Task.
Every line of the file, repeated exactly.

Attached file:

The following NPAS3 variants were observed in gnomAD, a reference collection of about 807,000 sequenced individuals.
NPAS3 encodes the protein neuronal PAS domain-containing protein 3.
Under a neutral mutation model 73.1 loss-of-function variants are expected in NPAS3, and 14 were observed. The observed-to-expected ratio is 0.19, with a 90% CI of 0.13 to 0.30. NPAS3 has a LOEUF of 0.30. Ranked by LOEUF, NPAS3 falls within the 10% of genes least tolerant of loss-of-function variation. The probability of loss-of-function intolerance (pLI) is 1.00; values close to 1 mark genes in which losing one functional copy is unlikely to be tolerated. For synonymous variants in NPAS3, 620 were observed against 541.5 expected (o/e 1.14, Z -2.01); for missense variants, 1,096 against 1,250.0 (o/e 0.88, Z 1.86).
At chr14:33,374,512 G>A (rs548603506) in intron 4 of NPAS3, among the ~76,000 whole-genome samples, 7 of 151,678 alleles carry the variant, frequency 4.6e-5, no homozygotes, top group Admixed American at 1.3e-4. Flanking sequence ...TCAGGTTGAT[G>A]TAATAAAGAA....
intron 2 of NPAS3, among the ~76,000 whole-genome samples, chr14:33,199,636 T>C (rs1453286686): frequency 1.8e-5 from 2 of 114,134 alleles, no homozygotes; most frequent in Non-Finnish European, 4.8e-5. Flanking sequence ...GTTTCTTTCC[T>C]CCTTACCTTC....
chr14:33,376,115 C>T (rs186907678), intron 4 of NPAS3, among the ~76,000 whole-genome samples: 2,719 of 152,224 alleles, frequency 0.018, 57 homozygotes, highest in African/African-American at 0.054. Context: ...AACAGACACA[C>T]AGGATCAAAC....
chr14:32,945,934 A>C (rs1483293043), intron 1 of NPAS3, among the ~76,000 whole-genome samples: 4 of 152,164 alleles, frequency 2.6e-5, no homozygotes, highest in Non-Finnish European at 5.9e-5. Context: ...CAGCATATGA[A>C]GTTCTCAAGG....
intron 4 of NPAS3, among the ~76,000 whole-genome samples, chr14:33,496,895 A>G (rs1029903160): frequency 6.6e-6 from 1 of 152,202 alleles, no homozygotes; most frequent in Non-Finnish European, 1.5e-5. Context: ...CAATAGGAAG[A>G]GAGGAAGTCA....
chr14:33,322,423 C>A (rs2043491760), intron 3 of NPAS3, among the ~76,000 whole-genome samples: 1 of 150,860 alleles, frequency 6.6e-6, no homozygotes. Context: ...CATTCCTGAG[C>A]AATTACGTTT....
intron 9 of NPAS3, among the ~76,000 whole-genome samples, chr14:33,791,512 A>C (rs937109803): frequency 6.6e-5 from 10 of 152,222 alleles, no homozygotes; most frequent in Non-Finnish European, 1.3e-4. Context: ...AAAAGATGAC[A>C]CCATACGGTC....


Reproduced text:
The following NPAS3 variants were observed in gnomAD, a reference collection of about 807,000 sequenced individuals.
NPAS3 encodes the protein neuronal PAS domain-containing protein 3.
Under a neutral mutation model 73.1 loss-of-function variants are expected in NPAS3, and 14 were observed. The observed-to-expected ratio is 0.19, with a 90% CI of 0.13 to 0.30. NPAS3 has a LOEUF of 0.30. Ranked by LOEUF, NPAS3 falls within the 10% of genes least tolerant of loss-of-function variation. The probability of loss-of-function intolerance (pLI) is 1.00; values close to 1 mark genes in which losing one functional copy is unlikely to be tolerated. For synonymous variants in NPAS3, 620 were observed against 541.5 expected (o/e 1.14, Z -2.01); for missense variants, 1,096 against 1,250.0 (o/e 0.88, Z 1.86).
At chr14:33,374,512 G>A (rs548603506) in intron 4 of NPAS3, among the ~76,000 whole-genome samples, 7 of 151,678 alleles carry the variant, frequency 4.6e-5, no homozygotes, top group Admixed American at 1.3e-4. Flanking sequence ...TCAGGTTGAT[G>A]TAATAAAGAA....
intron 2 of NPAS3, among the ~76,000 whole-genome samples, chr14:33,199,636 T>C (rs1453286686): frequency 1.8e-5 from 2 of 114,134 alleles, no homozygotes; most frequent in Non-Finnish European, 4.8e-5. Flanking sequence ...GTTTCTTTCC[T>C]CCTTACCTTC....
chr14:33,376,115 C>T (rs186907678), intron 4 of NPAS3, among the ~76,000 whole-genome samples: 2,719 of 152,224 alleles, frequency 0.018, 57 homozygotes, highest in African/African-American at 0.054. Context: ...AACAGACACA[C>T]AGGATCAAAC....
chr14:32,945,934 A>C (rs1483293043), intron 1 of NPAS3, among the ~76,000 whole-genome samples: 4 of 152,164 alleles, frequency 2.6e-5, no homozygotes, highest in Non-Finnish European at 5.9e-5. Context: ...CAGCATATGA[A>C]GTTCTCAAGG....
intron 4 of NPAS3, among the ~76,000 whole-genome samples, chr14:33,496,895 A>G (rs1029903160): frequency 6.6e-6 from 1 of 152,202 alleles, no homozygotes; most frequent in Non-Finnish European, 1.5e-5. Context: ...CAATAGGAAG[A>G]GAGGAAGTCA....
chr14:33,322,423 C>A (rs2043491760), intron 3 of NPAS3, among the ~76,000 whole-genome samples: 1 of 150,860 alleles, frequency 6.6e-6, no homozygotes. Context: ...CATTCCTGAG[C>A]AATTACGTTT....
intron 9 of NPAS3, among the ~76,000 whole-genome samples, chr14:33,791,512 A>C (rs937109803): frequency 6.6e-5 from 10 of 152,222 alleles, no homozygotes; most frequent in Non-Finnish European, 1.3e-4. Context: ...AAAAGATGAC[A>C]CCATACGGTC....